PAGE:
Yesterday, Mashable published a piece on Facebook’s potentially massive IPO. The numbers are absolutely astounding: if Facebook’s IPO goes as expected, it will raise six times as much money as Google’s. But even more incredibly, this will value the company at $100 billion.
For some comparison, let’s look at a corporate giant like Pfizer. It’s currently valued at around $168 billion, which isn’t a heck of a lot more than Facebook’s projected value. But here’s the big difference: Pfizer went public in 1942. It’s taken a long, long time to create a company that big.
People can debate whether or not a big social network is worth a hundred billion. And who really knows? It might be worth that much, considering that they own a big piece of the entire Internet, which in turn represents a larger and larger share of the total economy with every day. But here’s the real problem: the most exciting companies are going public later and later.
What late IPOs mean is that the public loses out on all of the major capital appreciation. Facebook will immediately be one of the largest companies in the world, which means that the general public will start “automatically” buying it. The pension funds and 401Ks of the entire middle class will start buying it as it becomes part of various indexes. It’s at this point that big companies become everyone’s concern: they become held as vital parts of retirement plans for millions of regular people. But can the public ever hope to participate in Facebook’s success story?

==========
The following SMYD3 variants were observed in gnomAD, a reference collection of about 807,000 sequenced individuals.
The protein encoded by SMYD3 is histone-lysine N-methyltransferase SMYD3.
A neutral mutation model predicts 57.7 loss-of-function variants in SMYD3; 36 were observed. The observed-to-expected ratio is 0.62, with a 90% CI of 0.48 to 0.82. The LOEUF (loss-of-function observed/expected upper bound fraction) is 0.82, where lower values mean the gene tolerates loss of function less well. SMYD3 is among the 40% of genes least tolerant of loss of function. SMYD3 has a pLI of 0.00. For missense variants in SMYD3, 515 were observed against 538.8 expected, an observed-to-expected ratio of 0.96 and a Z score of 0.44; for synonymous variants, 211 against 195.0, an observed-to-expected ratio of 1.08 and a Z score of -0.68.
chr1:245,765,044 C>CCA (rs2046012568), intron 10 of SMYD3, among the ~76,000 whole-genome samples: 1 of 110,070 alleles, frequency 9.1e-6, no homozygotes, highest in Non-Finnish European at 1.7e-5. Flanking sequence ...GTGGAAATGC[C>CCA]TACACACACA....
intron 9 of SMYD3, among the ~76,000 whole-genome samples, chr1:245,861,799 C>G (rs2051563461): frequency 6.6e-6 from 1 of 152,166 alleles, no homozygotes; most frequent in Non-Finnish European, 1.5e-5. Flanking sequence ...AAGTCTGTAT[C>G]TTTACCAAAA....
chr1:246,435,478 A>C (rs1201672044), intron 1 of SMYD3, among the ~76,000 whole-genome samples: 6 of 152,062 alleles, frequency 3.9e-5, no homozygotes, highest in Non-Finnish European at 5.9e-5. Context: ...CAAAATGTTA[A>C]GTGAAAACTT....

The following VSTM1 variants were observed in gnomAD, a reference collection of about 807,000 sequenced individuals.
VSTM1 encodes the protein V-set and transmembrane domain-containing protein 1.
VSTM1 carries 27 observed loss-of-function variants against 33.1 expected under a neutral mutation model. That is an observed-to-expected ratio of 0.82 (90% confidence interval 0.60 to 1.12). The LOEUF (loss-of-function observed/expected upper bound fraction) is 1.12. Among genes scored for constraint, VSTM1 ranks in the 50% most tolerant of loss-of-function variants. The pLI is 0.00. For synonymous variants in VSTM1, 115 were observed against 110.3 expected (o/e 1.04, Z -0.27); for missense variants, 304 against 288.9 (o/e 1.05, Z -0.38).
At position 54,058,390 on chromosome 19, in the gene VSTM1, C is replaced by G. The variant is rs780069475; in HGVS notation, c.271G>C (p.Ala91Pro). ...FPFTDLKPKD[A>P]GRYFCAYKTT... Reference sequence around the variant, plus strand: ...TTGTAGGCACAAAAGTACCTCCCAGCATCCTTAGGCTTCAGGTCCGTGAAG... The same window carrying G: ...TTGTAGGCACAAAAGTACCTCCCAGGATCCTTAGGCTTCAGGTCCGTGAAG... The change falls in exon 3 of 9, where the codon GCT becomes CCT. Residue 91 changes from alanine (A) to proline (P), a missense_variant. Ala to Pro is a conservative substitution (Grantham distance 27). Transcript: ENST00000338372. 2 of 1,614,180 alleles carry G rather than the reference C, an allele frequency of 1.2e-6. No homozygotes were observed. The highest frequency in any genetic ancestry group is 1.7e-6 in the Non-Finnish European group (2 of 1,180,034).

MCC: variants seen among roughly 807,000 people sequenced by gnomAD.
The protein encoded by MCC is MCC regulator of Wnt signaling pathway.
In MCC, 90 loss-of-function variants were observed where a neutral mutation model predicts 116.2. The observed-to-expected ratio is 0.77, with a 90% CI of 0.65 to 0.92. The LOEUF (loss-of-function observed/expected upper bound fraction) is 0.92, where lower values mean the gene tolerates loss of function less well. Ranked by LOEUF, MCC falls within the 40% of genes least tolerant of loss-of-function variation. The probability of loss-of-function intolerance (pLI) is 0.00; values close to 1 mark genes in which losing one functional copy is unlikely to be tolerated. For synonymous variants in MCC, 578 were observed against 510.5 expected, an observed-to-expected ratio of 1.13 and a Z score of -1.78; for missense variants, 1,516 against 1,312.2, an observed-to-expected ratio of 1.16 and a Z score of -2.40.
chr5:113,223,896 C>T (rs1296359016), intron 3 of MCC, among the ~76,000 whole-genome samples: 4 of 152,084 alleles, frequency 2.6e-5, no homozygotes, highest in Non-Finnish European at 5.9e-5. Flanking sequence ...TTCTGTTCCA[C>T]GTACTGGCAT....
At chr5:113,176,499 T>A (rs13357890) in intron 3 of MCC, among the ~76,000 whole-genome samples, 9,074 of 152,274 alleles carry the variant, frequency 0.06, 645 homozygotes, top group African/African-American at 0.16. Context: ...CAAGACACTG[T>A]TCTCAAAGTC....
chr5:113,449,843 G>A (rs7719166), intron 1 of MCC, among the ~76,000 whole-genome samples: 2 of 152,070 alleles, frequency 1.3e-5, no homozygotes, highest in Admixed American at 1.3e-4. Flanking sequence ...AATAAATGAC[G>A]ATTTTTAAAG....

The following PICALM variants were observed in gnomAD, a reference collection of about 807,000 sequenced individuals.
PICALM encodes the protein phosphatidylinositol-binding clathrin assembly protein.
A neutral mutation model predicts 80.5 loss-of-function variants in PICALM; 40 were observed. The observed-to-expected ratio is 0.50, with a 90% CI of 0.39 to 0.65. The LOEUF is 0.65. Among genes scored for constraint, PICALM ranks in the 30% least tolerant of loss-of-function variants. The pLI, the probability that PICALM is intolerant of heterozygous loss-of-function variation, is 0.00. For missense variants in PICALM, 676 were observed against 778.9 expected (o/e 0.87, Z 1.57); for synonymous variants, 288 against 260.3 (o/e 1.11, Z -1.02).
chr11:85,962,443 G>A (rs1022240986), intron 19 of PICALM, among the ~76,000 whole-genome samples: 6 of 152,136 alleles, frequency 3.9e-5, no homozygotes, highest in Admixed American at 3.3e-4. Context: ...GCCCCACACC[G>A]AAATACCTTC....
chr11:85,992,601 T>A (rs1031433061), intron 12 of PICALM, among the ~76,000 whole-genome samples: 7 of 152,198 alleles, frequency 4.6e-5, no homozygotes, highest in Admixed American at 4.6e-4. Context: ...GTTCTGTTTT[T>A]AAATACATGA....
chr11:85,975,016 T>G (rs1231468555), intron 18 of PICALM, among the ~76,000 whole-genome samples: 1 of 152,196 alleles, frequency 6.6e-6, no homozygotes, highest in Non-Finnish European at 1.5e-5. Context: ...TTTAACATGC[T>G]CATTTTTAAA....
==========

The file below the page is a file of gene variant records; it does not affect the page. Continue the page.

Facebook’s valuation is incredible. But the question to ask is if the astounding appreciation has already happened or if it’s going to happen. You can debate whether or not it’s worth a hundred billion, but you can also ask if it could possibly be worth a trillion dollars – which would only require a 1,000 percent return. How about ten trillion? With these absolutely massively valued IPOs, can the public ever receive the benefit of thousand or even tens of thousand percent returns (as in the case of Microsoft, when 21 bucks turned into something like 7 or 8 thousand.)
This new model creates incredible wealth for founders and venture capitalists. Mark Zuckerberg might be immediately worth $24 billion, ranking him as one of the richest people in the world. Massive aggregated fortunes can certainly do great things for the world, as Bill Gates and Warren Buffett have shown. However, these fortunes seem to have been made slower, through a gradual process of compounding in which the public participated.
Ten years from now, Facebook may have the same story as some of these other successful companies. It may go up a thousand percent. It may go up ten thousand percent. It may be the Internet. It may be a good chuck of the whole economy. It may create wealth for everyone and not just for a few. But it seems more likely that massive IPOs like Facebook’s sell the public a fancy new house, instead of building it, along with everyone, brick by brick.